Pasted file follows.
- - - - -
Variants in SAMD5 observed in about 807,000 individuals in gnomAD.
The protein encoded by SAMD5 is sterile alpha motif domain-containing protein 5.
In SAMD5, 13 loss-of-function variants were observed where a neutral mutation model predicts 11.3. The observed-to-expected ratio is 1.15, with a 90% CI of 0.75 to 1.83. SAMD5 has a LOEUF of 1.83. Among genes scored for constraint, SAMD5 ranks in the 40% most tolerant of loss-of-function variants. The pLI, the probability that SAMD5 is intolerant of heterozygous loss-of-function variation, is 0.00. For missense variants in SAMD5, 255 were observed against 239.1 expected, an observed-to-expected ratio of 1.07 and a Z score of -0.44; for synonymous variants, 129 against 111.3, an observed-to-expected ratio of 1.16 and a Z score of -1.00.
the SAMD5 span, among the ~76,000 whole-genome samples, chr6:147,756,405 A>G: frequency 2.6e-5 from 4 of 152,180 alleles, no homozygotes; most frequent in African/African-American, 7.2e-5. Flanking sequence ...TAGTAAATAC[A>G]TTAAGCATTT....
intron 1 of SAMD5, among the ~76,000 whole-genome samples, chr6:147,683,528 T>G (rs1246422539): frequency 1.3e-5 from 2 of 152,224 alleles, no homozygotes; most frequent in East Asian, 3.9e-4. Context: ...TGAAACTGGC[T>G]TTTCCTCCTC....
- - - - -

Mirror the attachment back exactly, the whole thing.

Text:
Variants in SAMD5 observed in about 807,000 individuals in gnomAD.
The protein encoded by SAMD5 is sterile alpha motif domain-containing protein 5.
In SAMD5, 13 loss-of-function variants were observed where a neutral mutation model predicts 11.3. The observed-to-expected ratio is 1.15, with a 90% CI of 0.75 to 1.83. SAMD5 has a LOEUF of 1.83. Among genes scored for constraint, SAMD5 ranks in the 40% most tolerant of loss-of-function variants. The pLI, the probability that SAMD5 is intolerant of heterozygous loss-of-function variation, is 0.00. For missense variants in SAMD5, 255 were observed against 239.1 expected, an observed-to-expected ratio of 1.07 and a Z score of -0.44; for synonymous variants, 129 against 111.3, an observed-to-expected ratio of 1.16 and a Z score of -1.00.
the SAMD5 span, among the ~76,000 whole-genome samples, chr6:147,756,405 A>G: frequency 2.6e-5 from 4 of 152,180 alleles, no homozygotes; most frequent in African/African-American, 7.2e-5. Flanking sequence ...TAGTAAATAC[A>G]TTAAGCATTT....
intron 1 of SAMD5, among the ~76,000 whole-genome samples, chr6:147,683,528 T>G (rs1246422539): frequency 1.3e-5 from 2 of 152,224 alleles, no homozygotes; most frequent in East Asian, 3.9e-4. Context: ...TGAAACTGGC[T>G]TTTCCTCCTC....